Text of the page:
Donors want youth to experience 4-H camp

Farm Forum

Attending a 4-H camp can make a long-lasting impression. Just ask Lynn Moser, president of Inland Oil and Gas Corp. in Bismarck, N.D.

“I have personal memories there of the adventures I had at horse camp,” she says.

That experience is one reason Inland Oil and Gas donated $25,000 toward the $1.9 million renovation and construction project planned for the 84-acre North Dakota 4-H Camp near Washburn, N.D. The camp was established in 1967 along the banks of the Missouri River near historic Fort Mandan, N.D.

“I decided to make the contribution because there was an

obvious need to improve the camping facilities to continue exposing youth to lifetime skills they may not otherwise get an opportunity to develop,” Moser says. “My two daughters attended the camp, and they, too, felt we should give back so that future campers could have the same growing experiences.

“We all know that horses and livestock and a fun away-from-home experience attracts kids” she adds. “What the kids don’t realize is that after attending camp, they then start down that path to further skill-building activities, such as horse judging, GPS, consumer choices judging, leadership and livestock judging.”

Dennis Ming, vice president of Dakota, Missouri Valley & Western (DMVW) Railroad in Bismarck, says his experience in 4-H in Slope County as a youth, plus the fact that his wife, Maureen, is chair of the North Dakota 4-H Foundation board of directors and his father-in-law was a North Dakota State University Extension Service county agent who was very involved in 4-H, contributed to DMVW’s decision to donate $25,000 to the improvements at the North Dakota 4-H Camp.

“We support youth activities, and we think 4-H is a very good youth activity,” Ming says. “We think it is a very good project they are doing at the 4-H camp.”

The $1.9 million project involves renovating camp facilities, including major upgrades to the three cabins and dining hall improvements, expanding outdoor camp opportunities and constructing a multipurpose 4-H center that will be named in honor of Myron D. Johnsrud, a Watford City area native who served as NDSU Extension Service director from 1974 to 1986.

The camp began as the Western North Dakota 4-H Camp, one of two regional 4-H camps. Now it is the sole statewide 4-H camp facility.

Half of the funding for the renovation and construction project is in the Extension Service’s 2013-15 budget approved by the Legislature and governor. The other $950,000 is from individuals, organizations and corporations through the North Dakota 4-H Foundation’s Shape a New Destiny campaign.

Other donors at the $25,000 level are North Dakota Farm Credit Services, Starion Financial and TransCanada.

“Farm Credit Services is proud to serve rural communities,” says Becky Peterson, director of marketing and services at Farm Credit Services of Mandan. “That’s why Farm Credit is actively involved with 4-H locally, statewide and at the national level. Whether it’s through premium purchases, staff volunteers, meal or award sponsorships, Farm Credit’s support, along with countless volunteers, helps provide learning experiences for rural youth. These hands-on 4-H experiences are the foundation for today’s youth to become future agricultural producers and leaders.”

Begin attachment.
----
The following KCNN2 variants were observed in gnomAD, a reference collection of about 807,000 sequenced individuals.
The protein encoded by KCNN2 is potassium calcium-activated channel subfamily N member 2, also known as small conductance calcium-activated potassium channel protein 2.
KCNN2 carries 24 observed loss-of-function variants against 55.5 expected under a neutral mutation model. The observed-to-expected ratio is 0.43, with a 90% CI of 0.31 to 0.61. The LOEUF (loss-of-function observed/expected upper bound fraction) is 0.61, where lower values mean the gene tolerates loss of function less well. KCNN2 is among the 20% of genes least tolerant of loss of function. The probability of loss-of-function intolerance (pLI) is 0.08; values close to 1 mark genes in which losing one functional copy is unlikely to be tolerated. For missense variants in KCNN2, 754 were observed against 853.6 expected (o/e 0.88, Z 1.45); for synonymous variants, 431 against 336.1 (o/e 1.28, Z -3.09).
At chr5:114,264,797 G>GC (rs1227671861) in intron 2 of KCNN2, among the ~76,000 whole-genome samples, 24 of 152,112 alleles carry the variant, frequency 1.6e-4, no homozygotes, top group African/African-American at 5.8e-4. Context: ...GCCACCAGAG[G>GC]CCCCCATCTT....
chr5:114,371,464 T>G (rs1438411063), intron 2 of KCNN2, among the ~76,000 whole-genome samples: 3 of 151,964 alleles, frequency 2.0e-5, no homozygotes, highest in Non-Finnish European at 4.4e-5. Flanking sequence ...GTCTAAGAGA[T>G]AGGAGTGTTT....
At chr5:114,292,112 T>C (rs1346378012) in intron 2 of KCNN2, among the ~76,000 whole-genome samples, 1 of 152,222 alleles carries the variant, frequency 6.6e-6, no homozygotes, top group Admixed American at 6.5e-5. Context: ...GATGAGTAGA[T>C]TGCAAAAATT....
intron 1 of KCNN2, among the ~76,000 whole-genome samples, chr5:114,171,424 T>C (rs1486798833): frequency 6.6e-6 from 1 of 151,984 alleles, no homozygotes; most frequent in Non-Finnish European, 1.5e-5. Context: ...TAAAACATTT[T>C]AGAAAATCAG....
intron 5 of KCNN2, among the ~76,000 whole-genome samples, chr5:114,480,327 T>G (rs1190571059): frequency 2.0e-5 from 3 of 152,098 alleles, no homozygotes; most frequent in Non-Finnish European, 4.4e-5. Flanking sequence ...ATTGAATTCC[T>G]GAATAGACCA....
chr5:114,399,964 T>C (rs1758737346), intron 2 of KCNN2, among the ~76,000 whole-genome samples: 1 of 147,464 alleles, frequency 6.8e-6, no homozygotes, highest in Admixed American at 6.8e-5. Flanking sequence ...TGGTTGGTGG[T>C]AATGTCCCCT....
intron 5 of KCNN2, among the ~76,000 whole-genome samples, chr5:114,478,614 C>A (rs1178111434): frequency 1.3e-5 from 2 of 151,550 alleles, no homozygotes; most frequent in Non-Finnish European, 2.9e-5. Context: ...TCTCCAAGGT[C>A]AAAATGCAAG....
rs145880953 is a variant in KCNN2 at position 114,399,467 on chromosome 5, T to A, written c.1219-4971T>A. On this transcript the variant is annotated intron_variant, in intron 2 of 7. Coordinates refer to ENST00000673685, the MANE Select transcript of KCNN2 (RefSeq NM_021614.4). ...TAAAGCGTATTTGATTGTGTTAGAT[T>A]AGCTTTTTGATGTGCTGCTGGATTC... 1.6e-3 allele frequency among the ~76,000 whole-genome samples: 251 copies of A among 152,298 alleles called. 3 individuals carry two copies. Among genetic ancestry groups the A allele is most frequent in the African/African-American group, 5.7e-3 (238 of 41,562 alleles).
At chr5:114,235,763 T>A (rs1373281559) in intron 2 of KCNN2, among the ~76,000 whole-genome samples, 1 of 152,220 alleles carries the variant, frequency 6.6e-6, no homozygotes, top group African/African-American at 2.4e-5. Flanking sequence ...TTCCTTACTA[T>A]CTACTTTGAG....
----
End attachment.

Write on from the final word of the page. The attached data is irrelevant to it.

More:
Mike O’Keeffe, chief executive officer of Farm Credit Services of Mandan, says, “We continue to support annual 4-H programs throughout our territories but felt this was a special request that deserved additional funds to provide rural youth a quality educational experience.”

Research shows that a 4-H camp experience has a positive impact on the participants’ social, personal and educational growth, as well as increasing awareness of environmental issues and interest in the outdoors, developing leadership skills and influencing career decisions.

“My years in 4-H taught me how to problem solve, but also to seek advice from others so I can make an informed decision,” says Jim Peterson, Starion Financial market president in Dunseith, Rolla and Bottineau. “I carry this trait with me today and credit this concept for much of my success. The new Johnsrud 4-H Center and camp renovations will ensure that our youth are given the opportunity to learn these same skills.”

Each year, the North Dakota 4-H Camp is host to about 20 camps offering experiences such as Dutch oven cooking, archery, horseback riding, hiking, canoeing, livestock grooming, water and mud obstacle courses, exploring nature, and arts and crafts.

“TransCanada has been a supporter of communities in North Dakota for more than 30 years and believes that supporting organizations such as 4-H clubs and other agricultural organizations is important in developing the leaders of tomorrow,” says Alex Pourbaix, president of energy and oil pipelines for TransCanada Corp. “TransCanada has assets in North Dakota (Northern Border Pipeline, Bison and Keystone) and we are committed to building healthy, safe and vibrant communities where our employees live and work.”

NDSU Center for 4-H Youth Development chair Brad Cogdill says, “Thanks to the support of our political leaders and private donors such as these, we will be able to enhance the camp’s learning environment, increase its capacity to accommodate larger youth groups, provide access to people of all abilities, and ensure a sustainable, environmentally responsible camp program.”

For more information on how to help support the state’s 4-H program, visit the North Dakota 4-H Foundation’s website at, send an email to or call (701) 231-7251.